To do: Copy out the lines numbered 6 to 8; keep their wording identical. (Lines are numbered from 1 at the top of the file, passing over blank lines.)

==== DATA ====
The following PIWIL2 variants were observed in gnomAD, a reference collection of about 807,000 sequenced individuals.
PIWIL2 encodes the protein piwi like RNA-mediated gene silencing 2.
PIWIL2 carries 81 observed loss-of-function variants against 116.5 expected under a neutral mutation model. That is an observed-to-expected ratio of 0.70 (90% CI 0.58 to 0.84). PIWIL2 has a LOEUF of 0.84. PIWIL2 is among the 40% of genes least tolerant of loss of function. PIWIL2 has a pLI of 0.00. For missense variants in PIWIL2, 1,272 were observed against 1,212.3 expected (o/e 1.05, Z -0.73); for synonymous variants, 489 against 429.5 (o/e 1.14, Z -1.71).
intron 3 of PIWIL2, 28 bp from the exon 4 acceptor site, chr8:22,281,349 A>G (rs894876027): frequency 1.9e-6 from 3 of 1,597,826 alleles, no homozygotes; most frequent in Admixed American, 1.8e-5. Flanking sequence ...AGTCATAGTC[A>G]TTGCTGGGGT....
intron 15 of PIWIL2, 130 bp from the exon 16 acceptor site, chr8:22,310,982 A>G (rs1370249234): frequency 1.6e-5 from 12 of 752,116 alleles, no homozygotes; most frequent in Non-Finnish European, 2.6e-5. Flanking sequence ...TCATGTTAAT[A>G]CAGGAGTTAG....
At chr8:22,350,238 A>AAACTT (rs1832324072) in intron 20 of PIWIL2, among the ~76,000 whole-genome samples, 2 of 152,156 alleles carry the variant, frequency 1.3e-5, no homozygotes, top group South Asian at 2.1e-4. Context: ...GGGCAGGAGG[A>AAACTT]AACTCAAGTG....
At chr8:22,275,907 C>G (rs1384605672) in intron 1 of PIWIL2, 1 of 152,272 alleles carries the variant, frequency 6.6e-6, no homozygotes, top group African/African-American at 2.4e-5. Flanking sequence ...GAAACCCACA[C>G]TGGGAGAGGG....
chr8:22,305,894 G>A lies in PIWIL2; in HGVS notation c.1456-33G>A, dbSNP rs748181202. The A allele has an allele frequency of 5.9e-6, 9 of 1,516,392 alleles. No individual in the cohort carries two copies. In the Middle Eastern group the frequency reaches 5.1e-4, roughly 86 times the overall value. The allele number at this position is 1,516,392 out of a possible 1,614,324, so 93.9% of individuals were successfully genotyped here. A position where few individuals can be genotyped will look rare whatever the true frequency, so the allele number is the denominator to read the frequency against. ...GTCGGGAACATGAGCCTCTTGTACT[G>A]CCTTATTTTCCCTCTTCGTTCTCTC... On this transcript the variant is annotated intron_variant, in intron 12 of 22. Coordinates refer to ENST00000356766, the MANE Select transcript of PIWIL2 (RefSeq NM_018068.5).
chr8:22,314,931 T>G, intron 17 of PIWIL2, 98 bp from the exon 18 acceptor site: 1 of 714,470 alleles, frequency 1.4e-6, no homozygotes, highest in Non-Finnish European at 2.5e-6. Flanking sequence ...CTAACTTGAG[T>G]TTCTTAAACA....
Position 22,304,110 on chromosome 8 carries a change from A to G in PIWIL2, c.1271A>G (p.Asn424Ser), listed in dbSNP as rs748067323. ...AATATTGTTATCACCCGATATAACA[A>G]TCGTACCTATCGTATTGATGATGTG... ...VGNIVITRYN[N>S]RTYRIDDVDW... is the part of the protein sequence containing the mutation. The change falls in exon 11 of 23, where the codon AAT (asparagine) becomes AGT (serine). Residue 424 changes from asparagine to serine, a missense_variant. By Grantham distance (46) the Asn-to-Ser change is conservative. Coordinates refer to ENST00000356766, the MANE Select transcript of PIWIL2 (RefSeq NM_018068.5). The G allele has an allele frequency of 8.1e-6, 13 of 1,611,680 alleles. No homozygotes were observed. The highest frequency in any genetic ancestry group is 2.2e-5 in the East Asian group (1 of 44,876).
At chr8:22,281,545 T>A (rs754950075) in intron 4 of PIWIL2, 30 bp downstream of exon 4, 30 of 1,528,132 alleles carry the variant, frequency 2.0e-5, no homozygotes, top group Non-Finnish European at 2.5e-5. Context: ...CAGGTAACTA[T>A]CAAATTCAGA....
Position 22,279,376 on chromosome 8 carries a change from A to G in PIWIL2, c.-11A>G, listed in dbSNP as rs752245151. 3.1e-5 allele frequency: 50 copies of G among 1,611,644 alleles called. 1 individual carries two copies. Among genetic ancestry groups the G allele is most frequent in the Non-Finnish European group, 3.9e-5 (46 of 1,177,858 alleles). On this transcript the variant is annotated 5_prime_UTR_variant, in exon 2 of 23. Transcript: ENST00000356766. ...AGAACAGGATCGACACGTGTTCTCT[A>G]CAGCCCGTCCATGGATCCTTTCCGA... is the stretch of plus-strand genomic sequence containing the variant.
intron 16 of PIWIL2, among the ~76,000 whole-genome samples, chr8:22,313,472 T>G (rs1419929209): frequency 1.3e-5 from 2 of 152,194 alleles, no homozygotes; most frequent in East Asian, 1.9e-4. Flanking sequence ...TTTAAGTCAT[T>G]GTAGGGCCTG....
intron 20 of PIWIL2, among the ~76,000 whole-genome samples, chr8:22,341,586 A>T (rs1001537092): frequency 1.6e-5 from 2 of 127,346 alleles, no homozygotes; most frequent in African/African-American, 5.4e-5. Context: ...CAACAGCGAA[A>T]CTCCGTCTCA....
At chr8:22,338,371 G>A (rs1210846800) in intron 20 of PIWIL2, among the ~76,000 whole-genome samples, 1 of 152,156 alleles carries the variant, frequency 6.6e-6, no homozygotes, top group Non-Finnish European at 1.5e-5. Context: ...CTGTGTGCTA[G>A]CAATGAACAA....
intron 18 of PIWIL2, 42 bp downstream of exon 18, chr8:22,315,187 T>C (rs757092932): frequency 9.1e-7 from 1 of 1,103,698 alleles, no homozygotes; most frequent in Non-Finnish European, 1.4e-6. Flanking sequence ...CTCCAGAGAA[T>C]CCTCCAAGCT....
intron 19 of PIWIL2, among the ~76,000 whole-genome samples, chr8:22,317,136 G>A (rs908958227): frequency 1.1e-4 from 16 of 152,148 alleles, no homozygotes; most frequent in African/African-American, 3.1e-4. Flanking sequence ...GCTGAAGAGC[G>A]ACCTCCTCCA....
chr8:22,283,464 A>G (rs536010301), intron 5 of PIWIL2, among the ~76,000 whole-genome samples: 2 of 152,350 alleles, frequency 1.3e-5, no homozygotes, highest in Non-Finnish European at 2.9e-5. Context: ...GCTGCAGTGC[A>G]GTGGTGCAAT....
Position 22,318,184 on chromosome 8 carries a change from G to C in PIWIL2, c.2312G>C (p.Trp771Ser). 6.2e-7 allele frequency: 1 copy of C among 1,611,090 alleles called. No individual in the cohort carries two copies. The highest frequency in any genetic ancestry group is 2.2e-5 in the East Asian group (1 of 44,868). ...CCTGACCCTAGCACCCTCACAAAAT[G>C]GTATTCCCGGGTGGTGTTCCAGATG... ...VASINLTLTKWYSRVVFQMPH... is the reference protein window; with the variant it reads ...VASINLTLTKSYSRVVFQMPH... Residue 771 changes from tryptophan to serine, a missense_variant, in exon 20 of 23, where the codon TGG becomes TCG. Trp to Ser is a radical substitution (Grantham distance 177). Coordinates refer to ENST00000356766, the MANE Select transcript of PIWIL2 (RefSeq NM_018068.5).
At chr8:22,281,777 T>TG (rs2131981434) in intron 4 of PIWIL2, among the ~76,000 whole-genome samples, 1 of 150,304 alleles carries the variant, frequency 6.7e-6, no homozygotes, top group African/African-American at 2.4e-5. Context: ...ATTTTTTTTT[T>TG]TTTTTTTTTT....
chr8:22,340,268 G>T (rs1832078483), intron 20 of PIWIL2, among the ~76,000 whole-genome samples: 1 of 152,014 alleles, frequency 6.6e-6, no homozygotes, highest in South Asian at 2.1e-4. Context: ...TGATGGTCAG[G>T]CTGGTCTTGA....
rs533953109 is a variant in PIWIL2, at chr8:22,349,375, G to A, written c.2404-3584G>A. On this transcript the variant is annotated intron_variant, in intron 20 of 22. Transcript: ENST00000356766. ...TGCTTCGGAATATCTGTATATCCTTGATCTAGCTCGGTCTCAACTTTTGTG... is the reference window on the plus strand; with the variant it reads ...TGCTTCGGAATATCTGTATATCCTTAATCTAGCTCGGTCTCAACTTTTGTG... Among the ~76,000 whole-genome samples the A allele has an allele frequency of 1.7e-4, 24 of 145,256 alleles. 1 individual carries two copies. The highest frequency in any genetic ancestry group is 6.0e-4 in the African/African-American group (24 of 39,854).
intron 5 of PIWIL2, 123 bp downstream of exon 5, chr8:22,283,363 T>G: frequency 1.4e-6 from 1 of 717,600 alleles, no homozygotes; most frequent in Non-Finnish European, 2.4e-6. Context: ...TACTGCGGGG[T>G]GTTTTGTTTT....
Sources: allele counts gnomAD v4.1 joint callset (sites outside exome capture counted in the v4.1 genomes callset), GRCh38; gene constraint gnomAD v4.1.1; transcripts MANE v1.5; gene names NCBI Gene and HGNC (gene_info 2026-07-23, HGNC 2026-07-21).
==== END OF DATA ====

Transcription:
At chr8:22,350,238 A>AAACTT (rs1832324072) in intron 20 of PIWIL2, among the ~76,000 whole-genome samples, 2 of 152,156 alleles carry the variant, frequency 1.3e-5, no homozygotes, top group South Asian at 2.1e-4. Context: ...GGGCAGGAGG[A>AAACTT]AACTCAAGTG....
At chr8:22,275,907 C>G (rs1384605672) in intron 1 of PIWIL2, 1 of 152,272 alleles carries the variant, frequency 6.6e-6, no homozygotes, top group African/African-American at 2.4e-5. Flanking sequence ...GAAACCCACA[C>G]TGGGAGAGGG....
chr8:22,305,894 G>A lies in PIWIL2; in HGVS notation c.1456-33G>A, dbSNP rs748181202. The A allele has an allele frequency of 5.9e-6, 9 of 1,516,392 alleles. No individual in the cohort carries two copies. In the Middle Eastern group the frequency reaches 5.1e-4, roughly 86 times the overall value. The allele number at this position is 1,516,392 out of a possible 1,614,324, so 93.9% of individuals were successfully genotyped here. A position where few individuals can be genotyped will look rare whatever the true frequency, so the allele number is the denominator to read the frequency against. ...GTCGGGAACATGAGCCTCTTGTACT[G>A]CCTTATTTTCCCTCTTCGTTCTCTC... On this transcript the variant is annotated intron_variant, in intron 12 of 22. Coordinates refer to ENST00000356766, the MANE Select transcript of PIWIL2 (RefSeq NM_018068.5).